Eco-Cash is likely to change a lot of things for a lot of people. Whether you are mobile operator, a payment services provider, a traditional bank or a more modern bank just starting to offer mobile money services to the millions of unbanked Zimbabweans, Econet will in some way disrupt your business. Econet has almost half of the country’s population on its mobile network. That about says it all.
But it’s not just disruption. It’s opportunity as well. Without over-generalising, there’s a myriad of issues with payments right now and Econet has enormous potential to introduce some needed convenience. If they do it right of-course.
Given our country’s limitations in payment systems, especially web based ones, I have encountered a number of entrepreneurs that have talked about developing solutions that enable users to pay for goods and services using their mobile phone airtime.
Telecel Zimbabwe has just revealed to Techzim that it’s working with Zimswitch Mobile to include more banks on its mobile banking platform.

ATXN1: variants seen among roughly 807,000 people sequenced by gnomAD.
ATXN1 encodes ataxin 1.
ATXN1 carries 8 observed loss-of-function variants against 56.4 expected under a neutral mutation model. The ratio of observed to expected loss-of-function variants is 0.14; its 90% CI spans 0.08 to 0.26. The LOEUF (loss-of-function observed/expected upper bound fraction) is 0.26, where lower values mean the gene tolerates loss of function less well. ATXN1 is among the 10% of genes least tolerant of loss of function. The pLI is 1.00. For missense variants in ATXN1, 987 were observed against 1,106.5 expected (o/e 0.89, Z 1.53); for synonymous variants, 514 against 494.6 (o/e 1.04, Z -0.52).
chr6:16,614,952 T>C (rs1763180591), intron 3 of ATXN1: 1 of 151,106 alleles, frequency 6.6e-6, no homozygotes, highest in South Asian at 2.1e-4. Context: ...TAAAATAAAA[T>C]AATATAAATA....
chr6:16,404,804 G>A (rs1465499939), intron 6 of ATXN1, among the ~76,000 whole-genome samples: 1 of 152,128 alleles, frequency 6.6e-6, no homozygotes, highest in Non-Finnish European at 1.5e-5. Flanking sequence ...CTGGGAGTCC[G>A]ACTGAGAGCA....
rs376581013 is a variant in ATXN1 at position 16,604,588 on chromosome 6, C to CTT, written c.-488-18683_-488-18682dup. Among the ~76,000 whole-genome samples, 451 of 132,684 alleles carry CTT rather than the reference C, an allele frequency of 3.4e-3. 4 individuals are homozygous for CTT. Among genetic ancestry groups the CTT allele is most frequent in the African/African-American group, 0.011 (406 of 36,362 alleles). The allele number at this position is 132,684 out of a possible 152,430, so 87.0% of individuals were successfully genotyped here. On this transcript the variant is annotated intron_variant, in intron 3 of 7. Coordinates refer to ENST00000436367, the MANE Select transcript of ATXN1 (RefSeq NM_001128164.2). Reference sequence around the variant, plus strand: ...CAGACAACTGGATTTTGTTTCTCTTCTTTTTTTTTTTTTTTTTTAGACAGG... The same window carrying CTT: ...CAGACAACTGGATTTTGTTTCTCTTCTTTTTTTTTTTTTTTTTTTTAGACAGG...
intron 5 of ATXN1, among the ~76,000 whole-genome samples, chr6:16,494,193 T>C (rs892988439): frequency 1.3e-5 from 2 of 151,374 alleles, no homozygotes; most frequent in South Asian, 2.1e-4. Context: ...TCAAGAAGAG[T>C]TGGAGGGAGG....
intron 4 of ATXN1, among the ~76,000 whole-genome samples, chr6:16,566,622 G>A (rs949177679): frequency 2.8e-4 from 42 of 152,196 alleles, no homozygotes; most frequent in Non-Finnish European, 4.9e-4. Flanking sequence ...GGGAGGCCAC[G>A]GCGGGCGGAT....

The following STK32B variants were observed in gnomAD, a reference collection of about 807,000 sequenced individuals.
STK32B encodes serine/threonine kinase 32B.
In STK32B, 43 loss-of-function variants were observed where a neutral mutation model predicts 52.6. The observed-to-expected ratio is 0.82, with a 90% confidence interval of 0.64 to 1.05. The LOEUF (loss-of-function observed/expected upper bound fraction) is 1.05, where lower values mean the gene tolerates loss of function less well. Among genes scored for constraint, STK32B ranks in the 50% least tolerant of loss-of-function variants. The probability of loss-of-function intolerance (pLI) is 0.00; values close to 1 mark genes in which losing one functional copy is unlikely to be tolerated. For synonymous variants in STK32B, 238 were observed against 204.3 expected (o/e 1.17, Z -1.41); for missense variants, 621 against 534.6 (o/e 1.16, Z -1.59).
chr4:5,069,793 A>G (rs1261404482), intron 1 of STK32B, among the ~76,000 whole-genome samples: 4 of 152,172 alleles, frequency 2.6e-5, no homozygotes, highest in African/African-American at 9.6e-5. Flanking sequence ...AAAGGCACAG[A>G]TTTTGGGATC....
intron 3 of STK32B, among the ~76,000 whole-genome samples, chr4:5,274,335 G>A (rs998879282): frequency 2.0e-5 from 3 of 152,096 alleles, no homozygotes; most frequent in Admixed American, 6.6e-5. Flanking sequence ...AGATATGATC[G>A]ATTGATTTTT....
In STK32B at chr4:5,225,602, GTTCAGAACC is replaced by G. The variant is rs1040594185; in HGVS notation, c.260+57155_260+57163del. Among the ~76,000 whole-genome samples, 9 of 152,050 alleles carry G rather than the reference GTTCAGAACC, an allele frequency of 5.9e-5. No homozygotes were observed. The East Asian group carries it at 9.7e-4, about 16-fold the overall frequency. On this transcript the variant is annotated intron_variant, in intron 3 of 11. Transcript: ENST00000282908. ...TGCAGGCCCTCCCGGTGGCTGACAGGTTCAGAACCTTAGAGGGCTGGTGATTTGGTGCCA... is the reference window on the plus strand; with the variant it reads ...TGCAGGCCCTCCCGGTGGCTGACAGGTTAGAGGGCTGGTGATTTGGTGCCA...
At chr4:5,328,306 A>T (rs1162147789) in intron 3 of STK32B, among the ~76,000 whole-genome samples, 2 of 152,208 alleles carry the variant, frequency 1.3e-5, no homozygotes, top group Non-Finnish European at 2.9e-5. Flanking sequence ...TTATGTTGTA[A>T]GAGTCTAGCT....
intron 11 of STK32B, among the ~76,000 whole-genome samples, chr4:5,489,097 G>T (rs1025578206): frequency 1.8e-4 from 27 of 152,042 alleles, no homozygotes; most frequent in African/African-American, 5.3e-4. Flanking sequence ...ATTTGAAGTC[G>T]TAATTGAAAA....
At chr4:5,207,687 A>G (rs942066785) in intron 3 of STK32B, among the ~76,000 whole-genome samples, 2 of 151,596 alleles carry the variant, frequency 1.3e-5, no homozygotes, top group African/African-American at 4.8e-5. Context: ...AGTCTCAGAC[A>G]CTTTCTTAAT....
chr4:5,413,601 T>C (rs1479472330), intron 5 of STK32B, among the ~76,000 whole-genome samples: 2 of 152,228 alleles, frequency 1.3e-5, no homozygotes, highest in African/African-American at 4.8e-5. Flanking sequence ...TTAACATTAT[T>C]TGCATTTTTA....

Telecel launched the Skwama mobile banking services in January this year but only provided the service to subscribers banking with Zimbabwe’s Kingdom Bank.
Gemalto, an international digital security company, announced today that NetOne is deploying a Gemalto mobile money transfer solution called LinqUs for the OneWallet service.
The OneWallet service was launched by NetOne to stakeholders in January this year becoming the second mobile money transfer service in Zimbabwe. Zimbabwe’s second largest mobile operator, Telecel, launched the first mobile wallet service in December last year.
In December 2010 NetOne introduced a promotion where prepaid subscribers buying a US $15 airtime recharge would get 107 free minutes. This was all grand and fine except that it’s really just a few prepaid subscribers who can afford buying a $15 recharge at once.